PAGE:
Owen Densmore
Jan 31 · 1 min read

Well, interpreters etc do not necessarily mean slow. Consider JavaScript which is surprisingly fast, and as WebAssembly becomes more integrated, and TypeScript compiles into it, it will be quite speedy, even tho interpreted etc.

Re Python: It’s fine to be slow considering the huge infrastructure Python has. NumPy & SciPy are fabulous. And don’t forget that, like Bash, Python is designed to wrap around C/C++ easily so Python itself being slow does not interfere with your mathematics being fast.

As a JS programmer, I often have Python Envy! : ) But other than the math libraries which I covet, JS with it’s great “window system” (the browser) and webgl access, async Promises, and web workers etc makes up for the lack of the great Python libraries. And it’s everywhere! It’s in your phone, it runs servers (node), the Electron desktop version builds great apps, .. heck, it’s even in your watch!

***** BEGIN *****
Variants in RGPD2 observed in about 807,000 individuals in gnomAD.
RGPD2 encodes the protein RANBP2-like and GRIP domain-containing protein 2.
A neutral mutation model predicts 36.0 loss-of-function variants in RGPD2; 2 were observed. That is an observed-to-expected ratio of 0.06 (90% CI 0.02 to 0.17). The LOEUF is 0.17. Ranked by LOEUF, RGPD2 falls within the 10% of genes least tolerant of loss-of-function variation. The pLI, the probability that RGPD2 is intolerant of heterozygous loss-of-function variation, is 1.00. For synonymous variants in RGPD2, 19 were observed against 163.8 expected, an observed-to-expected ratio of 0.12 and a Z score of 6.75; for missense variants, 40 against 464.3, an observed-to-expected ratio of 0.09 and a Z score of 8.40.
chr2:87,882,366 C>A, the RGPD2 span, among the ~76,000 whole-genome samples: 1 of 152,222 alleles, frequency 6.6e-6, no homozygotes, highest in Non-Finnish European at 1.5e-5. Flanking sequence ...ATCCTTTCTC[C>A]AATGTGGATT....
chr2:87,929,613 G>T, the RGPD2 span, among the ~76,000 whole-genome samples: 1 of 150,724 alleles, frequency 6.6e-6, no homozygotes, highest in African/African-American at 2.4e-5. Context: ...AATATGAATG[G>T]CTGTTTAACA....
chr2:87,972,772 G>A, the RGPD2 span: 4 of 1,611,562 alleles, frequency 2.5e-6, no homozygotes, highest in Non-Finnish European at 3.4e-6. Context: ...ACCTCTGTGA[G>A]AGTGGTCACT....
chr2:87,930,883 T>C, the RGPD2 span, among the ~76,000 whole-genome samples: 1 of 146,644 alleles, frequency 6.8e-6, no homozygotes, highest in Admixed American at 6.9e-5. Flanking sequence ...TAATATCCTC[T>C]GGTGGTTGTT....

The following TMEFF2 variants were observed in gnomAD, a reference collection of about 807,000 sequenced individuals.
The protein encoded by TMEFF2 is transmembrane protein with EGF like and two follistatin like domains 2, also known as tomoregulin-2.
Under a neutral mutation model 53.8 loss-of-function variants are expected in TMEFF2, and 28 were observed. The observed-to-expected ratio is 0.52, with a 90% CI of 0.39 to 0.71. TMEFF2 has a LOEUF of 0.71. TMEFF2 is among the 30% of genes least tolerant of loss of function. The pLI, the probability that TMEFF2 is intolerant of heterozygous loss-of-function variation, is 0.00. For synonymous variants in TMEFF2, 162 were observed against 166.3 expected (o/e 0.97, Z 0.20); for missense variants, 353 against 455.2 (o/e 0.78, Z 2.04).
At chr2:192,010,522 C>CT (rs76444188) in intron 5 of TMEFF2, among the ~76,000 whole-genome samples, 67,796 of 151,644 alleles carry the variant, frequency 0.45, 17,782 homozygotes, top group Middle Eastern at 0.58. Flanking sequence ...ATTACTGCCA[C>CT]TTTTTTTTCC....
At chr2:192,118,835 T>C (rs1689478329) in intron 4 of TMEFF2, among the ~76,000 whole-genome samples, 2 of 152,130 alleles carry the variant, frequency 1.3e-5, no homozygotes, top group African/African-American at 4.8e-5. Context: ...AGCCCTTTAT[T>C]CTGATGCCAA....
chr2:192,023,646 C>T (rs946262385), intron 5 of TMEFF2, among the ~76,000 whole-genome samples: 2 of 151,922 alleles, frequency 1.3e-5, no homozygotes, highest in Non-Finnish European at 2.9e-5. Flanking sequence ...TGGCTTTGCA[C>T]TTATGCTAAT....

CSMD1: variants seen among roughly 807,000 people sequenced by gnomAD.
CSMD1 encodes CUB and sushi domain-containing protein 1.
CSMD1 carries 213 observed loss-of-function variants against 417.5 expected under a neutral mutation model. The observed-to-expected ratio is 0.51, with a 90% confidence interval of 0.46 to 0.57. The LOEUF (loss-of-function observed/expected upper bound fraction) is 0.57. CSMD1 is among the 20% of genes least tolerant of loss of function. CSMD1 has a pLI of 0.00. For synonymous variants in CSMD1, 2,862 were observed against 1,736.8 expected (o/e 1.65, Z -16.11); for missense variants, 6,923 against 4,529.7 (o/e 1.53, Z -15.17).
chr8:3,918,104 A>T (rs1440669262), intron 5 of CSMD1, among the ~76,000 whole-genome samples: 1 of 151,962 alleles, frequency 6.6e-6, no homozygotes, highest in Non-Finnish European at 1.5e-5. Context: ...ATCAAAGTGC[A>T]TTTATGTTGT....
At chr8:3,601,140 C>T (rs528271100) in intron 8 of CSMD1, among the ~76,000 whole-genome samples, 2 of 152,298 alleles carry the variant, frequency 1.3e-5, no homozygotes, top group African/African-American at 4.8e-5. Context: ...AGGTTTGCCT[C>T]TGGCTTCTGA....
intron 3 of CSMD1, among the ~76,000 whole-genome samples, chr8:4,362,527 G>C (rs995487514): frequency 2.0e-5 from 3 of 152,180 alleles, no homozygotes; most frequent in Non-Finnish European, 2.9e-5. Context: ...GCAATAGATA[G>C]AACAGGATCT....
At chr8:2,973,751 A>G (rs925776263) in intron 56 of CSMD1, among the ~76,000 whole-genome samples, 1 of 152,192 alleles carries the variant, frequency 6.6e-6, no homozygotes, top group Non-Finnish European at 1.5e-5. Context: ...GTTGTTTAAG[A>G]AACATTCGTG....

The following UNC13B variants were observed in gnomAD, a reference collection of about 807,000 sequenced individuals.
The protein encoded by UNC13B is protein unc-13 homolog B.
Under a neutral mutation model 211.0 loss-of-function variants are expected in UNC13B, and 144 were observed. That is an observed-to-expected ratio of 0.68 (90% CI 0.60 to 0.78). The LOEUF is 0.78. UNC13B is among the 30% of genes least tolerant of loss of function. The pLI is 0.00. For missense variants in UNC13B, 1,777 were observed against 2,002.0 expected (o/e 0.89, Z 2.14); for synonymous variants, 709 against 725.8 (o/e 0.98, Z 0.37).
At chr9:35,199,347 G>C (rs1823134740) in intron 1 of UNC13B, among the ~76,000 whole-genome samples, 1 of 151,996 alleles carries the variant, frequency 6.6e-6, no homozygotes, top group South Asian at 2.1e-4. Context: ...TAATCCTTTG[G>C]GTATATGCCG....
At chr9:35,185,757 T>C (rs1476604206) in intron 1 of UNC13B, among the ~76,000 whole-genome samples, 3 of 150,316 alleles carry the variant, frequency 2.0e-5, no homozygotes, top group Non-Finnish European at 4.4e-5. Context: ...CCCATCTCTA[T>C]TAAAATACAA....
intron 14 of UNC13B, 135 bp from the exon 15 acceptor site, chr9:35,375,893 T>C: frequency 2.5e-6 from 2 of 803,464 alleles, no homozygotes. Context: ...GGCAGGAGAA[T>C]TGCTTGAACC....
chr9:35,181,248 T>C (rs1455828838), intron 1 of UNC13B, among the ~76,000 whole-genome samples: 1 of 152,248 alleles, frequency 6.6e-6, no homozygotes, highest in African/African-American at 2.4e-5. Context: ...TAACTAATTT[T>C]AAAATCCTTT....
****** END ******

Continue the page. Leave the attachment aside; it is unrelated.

And to tell the truth, with all languages having good networking, if I need math, I just build a web-app that uses Python on the back end as a micro-service.

So it’s the old “best tool for the job” idea, and with great networking, we can mash up all the languages, no problem.

.. but I still, sob, lust for numpy in JS. Sigh.

Owen Densmore

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I want to be a scientist when I grow up!

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